The pivotal trials largely treated patients who had simple lesions and relatively mild disease to keep assessment of additional revascularizations for restenosis with BMS and DES clean and straightforward. Therefore, many real-world patients with DM who had multiple lesions and diffuse disease at high likelihood of requiring multiple procedures were not enrolled.

The longer-term bleeding risk in older patients with DM committed to DAPT after DES implantation has been poorly defined. Although this group was hypothesized to be at substantially increased bleeding risk with DAPT, they also are known to be at increased risk for thrombotic cardiovascular events.

The prasugrel and ticagrelor randomized controlled trials confirmed a greater relative benefit of more intensive oral DAPT in patients who had DM than in those who did not. However, the trials included few older patients and those with increased bleeding risk were excluded.2-5

We looked at data from US hospitals that were linked with Medicare inpatient claims data. We found that even with DES, the excess hazards of death, MI, and subsequent revascularizations in patients with DM adjusted for baseline risk remains substantial. The excess hazard conferred by DM, particularly DM that requires insulin treatment, is similar whether BMS or DES is implanted.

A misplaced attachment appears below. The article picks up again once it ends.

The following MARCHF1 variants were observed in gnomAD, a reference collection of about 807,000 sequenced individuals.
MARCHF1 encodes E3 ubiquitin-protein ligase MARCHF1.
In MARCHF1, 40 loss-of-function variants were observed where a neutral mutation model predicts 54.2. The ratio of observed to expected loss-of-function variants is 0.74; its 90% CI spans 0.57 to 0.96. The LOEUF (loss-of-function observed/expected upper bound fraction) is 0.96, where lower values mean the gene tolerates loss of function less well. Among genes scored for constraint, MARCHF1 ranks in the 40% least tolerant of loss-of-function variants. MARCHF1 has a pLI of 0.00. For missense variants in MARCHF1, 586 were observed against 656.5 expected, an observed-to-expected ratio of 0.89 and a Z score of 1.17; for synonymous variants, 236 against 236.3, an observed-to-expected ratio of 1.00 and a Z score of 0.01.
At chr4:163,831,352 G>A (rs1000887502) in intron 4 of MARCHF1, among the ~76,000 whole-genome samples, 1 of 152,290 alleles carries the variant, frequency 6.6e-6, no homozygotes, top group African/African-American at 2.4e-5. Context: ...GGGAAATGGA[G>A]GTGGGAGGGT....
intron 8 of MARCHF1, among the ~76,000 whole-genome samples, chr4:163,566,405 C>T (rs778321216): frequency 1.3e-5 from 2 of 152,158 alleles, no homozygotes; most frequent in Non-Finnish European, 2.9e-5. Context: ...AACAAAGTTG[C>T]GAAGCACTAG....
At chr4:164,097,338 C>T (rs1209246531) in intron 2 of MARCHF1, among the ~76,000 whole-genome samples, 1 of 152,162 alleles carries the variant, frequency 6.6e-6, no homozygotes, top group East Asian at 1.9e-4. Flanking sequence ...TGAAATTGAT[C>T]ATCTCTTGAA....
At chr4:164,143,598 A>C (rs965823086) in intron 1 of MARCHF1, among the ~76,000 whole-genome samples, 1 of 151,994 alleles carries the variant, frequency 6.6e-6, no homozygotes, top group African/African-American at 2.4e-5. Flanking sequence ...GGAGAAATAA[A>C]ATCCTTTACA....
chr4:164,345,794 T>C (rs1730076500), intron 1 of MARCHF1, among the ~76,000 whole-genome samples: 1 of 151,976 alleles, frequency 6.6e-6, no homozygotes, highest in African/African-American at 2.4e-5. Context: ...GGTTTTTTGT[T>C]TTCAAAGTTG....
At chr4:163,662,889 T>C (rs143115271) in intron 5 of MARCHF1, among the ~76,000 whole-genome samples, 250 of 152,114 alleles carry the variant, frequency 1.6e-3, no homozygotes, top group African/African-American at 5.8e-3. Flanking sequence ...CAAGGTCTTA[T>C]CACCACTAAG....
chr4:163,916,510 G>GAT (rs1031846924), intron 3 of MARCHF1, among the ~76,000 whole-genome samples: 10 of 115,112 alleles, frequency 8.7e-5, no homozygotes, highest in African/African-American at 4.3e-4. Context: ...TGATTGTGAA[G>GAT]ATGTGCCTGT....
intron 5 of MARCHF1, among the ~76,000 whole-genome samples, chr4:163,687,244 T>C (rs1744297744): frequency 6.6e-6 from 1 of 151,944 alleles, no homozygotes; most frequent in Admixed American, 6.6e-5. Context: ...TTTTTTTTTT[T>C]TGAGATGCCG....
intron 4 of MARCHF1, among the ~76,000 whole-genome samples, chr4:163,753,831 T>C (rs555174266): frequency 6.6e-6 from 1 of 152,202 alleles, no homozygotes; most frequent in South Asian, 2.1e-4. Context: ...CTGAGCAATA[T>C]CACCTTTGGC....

Other therapies likely need to be developed or fully exploited to mitigate the excess risk of DM in these patients, such as more aggressive antiplatelet therapy for secondary prevention and perhaps, if possible, more aggressive lipid therapy.

Our study suggests that the long-term risk of major bleeding that requires hospitalization is somewhat small compared with that of death and ischemic events. Therefore, the risk-benefit tradeoff between more intensive antiplatelet therapy and bleeding appears favorable.

Pending further study, and based on the efficacy and bleeding safety results from the PLATelet inhibition and patient Outcomes (PLATO) and TRial to Assess Improvement in Therapeutic Outcomes by Optimizing Platelet InhibitioN with Prasugrel-Thrombolysis In Myocardial Infarction trials in patients with DM, I would strongly consider ticagrelor or prasugrel in patients who have DM with acute coronary syndrome (ACS) undergoing PCI based on the bleeding rates versus ischemic event rates we observed in this unselected, real-world population.